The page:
The secret to making delicious Jewish soul food didn’t take long for caterer/restaurateur David Mintz of Tenafly to figure out: he simply hired genuine bubbies to cook traditional dishes like kasha and knishes.
The secret to making delicious pareve ice cream, however, took him nearly a decade to crack.
When he finally hit upon his successful formula in 1981, Mr. Mintz opened new vistas in kosher and dairy-free cuisine — and that was long before “vegan” was a household word.
Mr. Mintz died on February 24, some three months shy of his 90th birthday and about seven weeks after the death of his wife, Rachel.
Tofutti Brands is without a doubt the most famous of Mr. Mintz’s achievements. Tofutti, which has its headquarters in Cranford, now makes about 30 soy-based products sold across the United States and in 25 other countries ranging from Australia to Trinidad.
Steve Kass, Tofutti Brand’s chief financial officer, worked with Mr. Mintz for nearly 35 years and said that the modest founder never let success or wealth go to his head.
“Over the course of my nearly 50-year working career, I have been involved with many knowledgeable and successful business executives,” Mr. Kass said. “However, I never knew anyone who had the work ethic and drive that David had. He was a work dynamo.
“Whereas many other businesspeople would have been happy with something that was good or very good, David never stopped in his goal of attaining product excellence, no matter how much of his time it took to achieve it. Nothing left Tofutti’s R&D laboratory until David was 100 percent satisfied that it was perfect.”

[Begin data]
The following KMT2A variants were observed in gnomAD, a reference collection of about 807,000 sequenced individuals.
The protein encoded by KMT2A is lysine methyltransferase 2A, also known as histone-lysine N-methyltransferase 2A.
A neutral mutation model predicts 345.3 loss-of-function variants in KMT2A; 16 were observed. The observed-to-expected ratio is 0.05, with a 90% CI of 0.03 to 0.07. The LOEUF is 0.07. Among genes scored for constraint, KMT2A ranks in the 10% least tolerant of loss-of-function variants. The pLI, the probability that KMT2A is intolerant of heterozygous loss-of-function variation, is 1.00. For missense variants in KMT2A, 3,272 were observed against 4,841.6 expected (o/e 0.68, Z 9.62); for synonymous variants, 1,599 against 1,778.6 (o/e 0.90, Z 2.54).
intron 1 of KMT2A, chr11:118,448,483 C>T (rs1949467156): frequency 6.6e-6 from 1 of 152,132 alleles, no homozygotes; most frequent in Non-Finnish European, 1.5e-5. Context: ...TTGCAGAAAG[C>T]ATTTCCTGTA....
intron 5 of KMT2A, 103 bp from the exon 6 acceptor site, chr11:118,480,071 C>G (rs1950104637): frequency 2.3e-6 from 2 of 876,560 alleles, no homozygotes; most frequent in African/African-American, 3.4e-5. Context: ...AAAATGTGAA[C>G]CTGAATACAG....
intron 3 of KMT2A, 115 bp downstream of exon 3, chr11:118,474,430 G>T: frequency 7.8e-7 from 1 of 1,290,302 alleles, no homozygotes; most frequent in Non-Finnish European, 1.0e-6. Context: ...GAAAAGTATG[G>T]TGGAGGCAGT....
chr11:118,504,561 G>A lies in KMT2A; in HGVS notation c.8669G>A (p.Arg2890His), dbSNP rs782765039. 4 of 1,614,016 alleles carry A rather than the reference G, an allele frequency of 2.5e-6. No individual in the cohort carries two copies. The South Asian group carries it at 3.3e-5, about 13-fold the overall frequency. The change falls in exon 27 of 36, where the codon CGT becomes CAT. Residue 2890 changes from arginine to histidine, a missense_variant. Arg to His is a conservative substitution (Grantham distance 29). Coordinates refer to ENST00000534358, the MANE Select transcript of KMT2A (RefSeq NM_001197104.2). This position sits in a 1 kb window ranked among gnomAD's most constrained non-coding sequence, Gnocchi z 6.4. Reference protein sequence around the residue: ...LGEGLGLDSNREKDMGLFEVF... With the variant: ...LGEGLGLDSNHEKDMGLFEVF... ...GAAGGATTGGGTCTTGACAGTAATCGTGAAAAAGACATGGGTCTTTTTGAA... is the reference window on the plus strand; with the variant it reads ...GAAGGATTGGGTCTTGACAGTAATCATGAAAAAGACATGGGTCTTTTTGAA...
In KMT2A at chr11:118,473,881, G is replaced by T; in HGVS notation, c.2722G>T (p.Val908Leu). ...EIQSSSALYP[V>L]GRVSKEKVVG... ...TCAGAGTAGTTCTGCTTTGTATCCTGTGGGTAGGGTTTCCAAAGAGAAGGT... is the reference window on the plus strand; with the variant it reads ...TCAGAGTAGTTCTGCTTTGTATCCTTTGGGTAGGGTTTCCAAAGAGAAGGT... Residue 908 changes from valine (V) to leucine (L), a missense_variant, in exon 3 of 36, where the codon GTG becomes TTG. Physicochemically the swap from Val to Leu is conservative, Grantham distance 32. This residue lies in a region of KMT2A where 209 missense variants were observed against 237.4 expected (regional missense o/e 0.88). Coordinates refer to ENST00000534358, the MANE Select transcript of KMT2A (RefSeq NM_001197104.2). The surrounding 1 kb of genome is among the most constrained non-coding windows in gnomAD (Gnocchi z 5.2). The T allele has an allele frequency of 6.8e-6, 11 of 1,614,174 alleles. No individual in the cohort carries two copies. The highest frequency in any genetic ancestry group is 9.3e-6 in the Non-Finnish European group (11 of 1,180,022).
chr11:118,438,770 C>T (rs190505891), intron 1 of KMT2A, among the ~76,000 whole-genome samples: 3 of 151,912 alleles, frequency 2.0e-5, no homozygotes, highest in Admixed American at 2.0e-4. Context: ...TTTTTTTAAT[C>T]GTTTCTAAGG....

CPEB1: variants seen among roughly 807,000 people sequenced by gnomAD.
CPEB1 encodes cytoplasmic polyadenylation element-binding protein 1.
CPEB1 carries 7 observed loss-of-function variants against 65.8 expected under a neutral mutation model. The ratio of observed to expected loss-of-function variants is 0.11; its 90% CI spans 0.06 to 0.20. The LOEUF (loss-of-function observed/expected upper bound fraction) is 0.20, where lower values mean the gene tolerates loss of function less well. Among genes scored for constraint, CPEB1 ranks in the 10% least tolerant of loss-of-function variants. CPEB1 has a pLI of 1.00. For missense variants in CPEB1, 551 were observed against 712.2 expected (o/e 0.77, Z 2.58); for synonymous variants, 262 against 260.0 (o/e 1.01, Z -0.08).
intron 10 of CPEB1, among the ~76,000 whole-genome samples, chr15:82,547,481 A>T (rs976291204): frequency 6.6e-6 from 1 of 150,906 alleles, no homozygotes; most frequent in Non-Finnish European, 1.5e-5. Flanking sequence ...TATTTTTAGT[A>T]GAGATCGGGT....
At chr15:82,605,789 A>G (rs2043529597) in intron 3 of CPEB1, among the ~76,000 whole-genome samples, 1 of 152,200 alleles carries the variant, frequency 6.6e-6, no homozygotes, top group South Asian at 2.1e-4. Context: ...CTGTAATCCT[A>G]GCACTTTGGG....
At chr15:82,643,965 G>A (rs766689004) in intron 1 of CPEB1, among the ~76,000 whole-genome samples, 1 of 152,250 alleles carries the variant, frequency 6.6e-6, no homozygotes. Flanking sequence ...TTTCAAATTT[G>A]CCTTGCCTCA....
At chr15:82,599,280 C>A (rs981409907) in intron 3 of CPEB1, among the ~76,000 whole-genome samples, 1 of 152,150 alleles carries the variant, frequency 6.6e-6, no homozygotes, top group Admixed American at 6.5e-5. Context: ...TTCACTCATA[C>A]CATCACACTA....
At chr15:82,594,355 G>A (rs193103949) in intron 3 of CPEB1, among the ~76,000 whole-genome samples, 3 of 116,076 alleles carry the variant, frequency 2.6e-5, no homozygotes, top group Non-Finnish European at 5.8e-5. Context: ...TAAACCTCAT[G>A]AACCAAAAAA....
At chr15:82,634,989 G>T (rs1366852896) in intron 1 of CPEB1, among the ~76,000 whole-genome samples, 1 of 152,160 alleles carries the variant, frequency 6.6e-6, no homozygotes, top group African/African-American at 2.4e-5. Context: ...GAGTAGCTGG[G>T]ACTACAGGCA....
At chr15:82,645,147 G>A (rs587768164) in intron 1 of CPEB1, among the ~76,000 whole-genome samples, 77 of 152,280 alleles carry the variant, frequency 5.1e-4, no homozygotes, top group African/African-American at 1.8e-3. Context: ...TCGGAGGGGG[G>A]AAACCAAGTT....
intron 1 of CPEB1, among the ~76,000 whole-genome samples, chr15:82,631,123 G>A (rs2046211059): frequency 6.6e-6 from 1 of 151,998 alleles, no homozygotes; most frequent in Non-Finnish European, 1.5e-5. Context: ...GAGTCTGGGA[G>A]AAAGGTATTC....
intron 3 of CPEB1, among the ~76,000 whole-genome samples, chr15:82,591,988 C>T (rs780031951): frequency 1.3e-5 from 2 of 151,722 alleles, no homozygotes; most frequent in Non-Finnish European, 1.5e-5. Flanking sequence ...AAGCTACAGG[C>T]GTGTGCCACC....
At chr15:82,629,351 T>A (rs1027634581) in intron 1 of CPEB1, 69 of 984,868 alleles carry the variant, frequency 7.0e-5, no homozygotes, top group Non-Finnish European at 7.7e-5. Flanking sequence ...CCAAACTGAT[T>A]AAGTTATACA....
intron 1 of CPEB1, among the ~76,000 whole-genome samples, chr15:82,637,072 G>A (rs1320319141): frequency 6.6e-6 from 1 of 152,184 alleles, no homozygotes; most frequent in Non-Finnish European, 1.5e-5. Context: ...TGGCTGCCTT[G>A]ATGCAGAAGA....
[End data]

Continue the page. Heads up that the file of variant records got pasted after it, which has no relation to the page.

Mr. Mintz also left a local legacy at Lubavitch on the Palisades in Tenafly, one of many Chabad endeavors to which he gave generously — beyond generously, as you will read about below.
“If workaholic was half of David, the other half was charitable,” Mr. Kass said.
“It was the one thing he basically lived for, to do charitable work, especially with Chabad. He was literally that person who would give the shirt off his back to help out anyone in need. He was the gold standard when it came to charity, the example everyone should emulate.”
Mr. Mintz had lived in Alpine for a long time, but he spent his last years living full-time in his “Shabbos house” in Tenafly, two blocks from the Chabad Center that he helped build.
Rabbi Mordechai Shain, the executive director of Lubavitch on the Palisades, met Mr. Mintz in 1993, when the fledgling Chabad Center held its first High Holy Days service at the Clinton Inn in Tenafly. A few months later, Mr. Mintz donated the congregation’s first new Torah scroll.
Mr. Mintz, born to a baker in Williamsburg, Brooklyn, had been educated in a Lubavitcher yeshiva and regularly consulted with the Lubavitcher rebbe, Rabbi Menachem Mendel Schneerson.
“He took us like we were his child that he wanted to help develop,” Rabbi Shain said. “The way I describe David is ‘crazy good.’ I mean that seriously. He would do crazy good things that all his accountants and attorneys advised against.